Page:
So. I suppose these are a deep yellow – brown, almost beige in the alum- and copper-mordanted samples on the left. The iron-mordanted sample, on the far right, is the most interesting to me because it didn’t come out looking gray. It’s definitely more of a deep khaki color.

Today I revived the indigo vat that I shared with some of my Loudoun Needleworker buddies and am fooling around with it. The next post will probably be about that and my hands smelling like rubber gloves.

Day 6-7 Avocado Dye Experiment

Well, I couldn’t wait any more. With the butterfly bush dye experiment, I admit I also dyed some samples in the avocado dye baths. See?

avocado-dyed samples

Imagine the yarn is layed out in a circle. Starting with the top-most bunch of samples going counter-clockwise, we have:

    Pre-mordanted samples – alum, copper, iron 
    Pit-dyed samples – alum, copper, iron 
    Peel-dyed samples – alum, copper, iron

I realize now that there’s a better way to display these, but bear with me as I fool around.

I couldn’t wait any more to try dying with the avocado dye liquors. Plus, I needed one of the pots for the butterfly bush experiment. So Saturday, I put both of the avocado liquors into separate containers and then, because I’m not the best estimator or planner, I did some switching around to get all of the peel liquor into the biggest container. And by then – after rinsing and transferring, I just decided to try the liquors.

I cooked the pit dye bath (with sample) for a little over an hour and then let them cool in the pot overnight. I rinsed, dried them, and when I twisted them into skeins, they were dusty/sandy with starch from the pits – ugh. But otherwise, okay. They are, as Mr. Q noted, pretty peachy, except for the iron-mordanted sample, which is a pinkish gray. I wonder if a sample can be mordanted with iron but at a lesser concentration to get a lighter gray? Probably not – it probably doesn’t work that way, right? But maybe. (Anyone with experience/chemistry to back them up, please chime in.)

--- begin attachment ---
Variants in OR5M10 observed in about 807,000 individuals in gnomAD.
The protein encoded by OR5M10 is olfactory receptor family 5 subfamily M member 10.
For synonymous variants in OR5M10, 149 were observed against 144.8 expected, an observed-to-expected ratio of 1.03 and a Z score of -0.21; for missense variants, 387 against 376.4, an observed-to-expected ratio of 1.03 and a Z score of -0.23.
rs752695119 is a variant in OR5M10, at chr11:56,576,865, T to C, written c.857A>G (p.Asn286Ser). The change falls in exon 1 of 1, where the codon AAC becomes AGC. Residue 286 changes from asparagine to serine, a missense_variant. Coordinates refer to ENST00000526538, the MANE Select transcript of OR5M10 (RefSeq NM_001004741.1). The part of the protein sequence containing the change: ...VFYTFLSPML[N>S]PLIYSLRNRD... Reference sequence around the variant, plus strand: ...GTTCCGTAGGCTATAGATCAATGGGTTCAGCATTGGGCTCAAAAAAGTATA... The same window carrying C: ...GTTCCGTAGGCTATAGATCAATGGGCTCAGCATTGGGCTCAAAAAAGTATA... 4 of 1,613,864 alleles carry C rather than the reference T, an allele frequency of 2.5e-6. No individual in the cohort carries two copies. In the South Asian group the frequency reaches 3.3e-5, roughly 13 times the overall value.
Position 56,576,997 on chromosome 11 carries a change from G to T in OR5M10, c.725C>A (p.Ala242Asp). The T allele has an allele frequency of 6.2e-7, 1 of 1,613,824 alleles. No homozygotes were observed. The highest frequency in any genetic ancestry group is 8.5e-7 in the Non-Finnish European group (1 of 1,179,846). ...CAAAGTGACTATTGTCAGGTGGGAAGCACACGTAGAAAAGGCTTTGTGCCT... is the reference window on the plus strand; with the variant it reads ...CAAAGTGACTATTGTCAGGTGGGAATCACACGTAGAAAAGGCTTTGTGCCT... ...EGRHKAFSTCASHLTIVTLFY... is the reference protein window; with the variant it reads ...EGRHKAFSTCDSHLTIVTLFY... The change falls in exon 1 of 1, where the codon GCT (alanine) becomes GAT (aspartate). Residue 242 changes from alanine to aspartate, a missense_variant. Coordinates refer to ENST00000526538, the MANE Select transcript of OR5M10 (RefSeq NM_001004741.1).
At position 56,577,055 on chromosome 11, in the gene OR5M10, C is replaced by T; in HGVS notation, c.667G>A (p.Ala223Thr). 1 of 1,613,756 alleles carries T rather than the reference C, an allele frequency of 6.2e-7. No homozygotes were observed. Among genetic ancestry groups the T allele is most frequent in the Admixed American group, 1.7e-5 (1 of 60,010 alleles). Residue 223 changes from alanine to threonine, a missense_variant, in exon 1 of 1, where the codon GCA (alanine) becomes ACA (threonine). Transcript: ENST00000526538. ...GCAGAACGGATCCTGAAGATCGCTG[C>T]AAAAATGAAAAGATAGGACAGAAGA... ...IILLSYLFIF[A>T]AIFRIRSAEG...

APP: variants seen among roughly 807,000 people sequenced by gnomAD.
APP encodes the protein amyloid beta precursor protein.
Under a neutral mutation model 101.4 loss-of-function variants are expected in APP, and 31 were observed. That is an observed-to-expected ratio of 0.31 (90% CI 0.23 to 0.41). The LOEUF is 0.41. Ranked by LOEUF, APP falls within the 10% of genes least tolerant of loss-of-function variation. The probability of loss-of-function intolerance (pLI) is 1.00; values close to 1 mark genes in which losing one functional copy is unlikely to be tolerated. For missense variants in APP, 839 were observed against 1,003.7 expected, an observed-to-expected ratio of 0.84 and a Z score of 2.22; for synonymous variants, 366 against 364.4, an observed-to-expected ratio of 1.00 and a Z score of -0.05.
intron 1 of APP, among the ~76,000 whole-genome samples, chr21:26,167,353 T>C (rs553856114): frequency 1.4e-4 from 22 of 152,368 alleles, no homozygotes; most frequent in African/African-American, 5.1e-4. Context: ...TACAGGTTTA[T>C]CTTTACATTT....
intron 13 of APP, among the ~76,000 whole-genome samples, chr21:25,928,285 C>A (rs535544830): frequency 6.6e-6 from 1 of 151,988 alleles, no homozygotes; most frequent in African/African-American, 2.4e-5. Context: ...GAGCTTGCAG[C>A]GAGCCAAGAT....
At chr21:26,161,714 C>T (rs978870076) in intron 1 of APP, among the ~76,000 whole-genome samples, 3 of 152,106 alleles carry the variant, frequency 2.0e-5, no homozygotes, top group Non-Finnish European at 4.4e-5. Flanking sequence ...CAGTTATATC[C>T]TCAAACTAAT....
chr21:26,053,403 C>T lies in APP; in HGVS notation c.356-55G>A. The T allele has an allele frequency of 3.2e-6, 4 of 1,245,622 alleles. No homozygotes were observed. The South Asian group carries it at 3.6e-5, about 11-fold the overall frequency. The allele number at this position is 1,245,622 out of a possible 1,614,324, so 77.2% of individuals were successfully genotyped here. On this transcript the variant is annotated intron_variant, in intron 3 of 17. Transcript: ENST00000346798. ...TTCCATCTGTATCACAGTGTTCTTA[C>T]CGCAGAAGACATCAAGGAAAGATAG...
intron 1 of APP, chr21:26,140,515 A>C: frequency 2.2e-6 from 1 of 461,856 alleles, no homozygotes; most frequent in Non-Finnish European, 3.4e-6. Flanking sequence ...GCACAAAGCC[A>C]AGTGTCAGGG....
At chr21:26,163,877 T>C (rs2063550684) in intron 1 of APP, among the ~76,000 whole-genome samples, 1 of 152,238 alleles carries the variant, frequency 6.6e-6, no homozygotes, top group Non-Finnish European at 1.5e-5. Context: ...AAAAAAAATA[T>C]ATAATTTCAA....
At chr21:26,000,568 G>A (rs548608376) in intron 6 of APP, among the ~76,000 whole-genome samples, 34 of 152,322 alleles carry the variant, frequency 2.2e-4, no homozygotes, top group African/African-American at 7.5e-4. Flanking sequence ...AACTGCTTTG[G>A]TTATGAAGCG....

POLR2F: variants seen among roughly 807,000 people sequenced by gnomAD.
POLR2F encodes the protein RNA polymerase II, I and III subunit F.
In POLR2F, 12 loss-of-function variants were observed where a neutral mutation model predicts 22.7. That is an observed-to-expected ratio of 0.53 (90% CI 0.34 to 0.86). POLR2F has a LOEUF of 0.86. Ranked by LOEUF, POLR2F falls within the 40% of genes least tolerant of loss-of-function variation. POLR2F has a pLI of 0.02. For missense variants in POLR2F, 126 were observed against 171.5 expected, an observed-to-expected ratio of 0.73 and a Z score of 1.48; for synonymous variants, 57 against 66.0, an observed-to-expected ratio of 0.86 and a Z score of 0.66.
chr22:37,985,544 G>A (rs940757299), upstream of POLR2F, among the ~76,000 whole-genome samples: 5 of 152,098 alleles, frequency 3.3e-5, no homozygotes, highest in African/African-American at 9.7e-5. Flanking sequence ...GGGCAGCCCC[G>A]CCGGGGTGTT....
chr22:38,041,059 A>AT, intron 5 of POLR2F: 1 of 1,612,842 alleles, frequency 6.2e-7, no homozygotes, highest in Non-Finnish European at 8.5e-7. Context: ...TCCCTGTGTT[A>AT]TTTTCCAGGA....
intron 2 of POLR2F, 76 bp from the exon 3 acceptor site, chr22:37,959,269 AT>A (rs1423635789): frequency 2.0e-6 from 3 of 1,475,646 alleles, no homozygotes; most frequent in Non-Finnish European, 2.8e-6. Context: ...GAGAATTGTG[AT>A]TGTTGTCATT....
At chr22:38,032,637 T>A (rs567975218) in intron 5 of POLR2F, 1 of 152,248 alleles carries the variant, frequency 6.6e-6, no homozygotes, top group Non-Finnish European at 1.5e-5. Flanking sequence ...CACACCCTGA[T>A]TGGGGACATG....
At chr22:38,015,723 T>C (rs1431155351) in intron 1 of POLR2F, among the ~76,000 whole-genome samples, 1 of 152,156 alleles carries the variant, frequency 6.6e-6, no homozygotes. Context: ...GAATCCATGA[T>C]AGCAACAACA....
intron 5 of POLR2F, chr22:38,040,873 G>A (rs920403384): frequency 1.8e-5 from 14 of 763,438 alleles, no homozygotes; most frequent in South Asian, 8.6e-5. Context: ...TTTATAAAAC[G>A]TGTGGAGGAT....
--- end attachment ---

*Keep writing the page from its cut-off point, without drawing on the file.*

The peel dye bath is in a large clear plastic container sitting in full-sun on the deck. I put the samples in Saturday afternoon and left them in until this morning. Really, they only had 1 day cooking in the sun. The results are … brown. I’ll check them again in a day or two – it’s been consistently in the 90s with lows in the mid-70s, which should be plenty warm to get some more saturated results. I hope.

In addition to all that activity yesterday, I cook the rest of the butterfly bush blooms in the liquor that I used Saturday for about 2 hrs, let the liquid cool for a few hours, and then strained &  decanted it into 2 1-gallon jugs (milk & OJ jugs). The second just is 3/4 filled, so it’s not quite 2 gallons. I meant to cook it down some first, but … eh. Oh well. Hopefully it will keep.

And last, today I trimmed most of my lily of the valleys (convallaria majalis) and started a dye bath with them. They’re supposed to produce something from light green to a gold color, according to Natural Dyes and Home Dying, depending on what time of year the leaves are picked. Of course, this same book talks about using chrome as a mordant (a no-no these days), so we’ll see what color I get. Lily of the Valley leaves (and flowers and berries) are also toxic, so this may be the most dangerous thing I’ve dyed with so far. (Or maybe not; I am being careful & using goggles & gloves when handling the dye liquids.)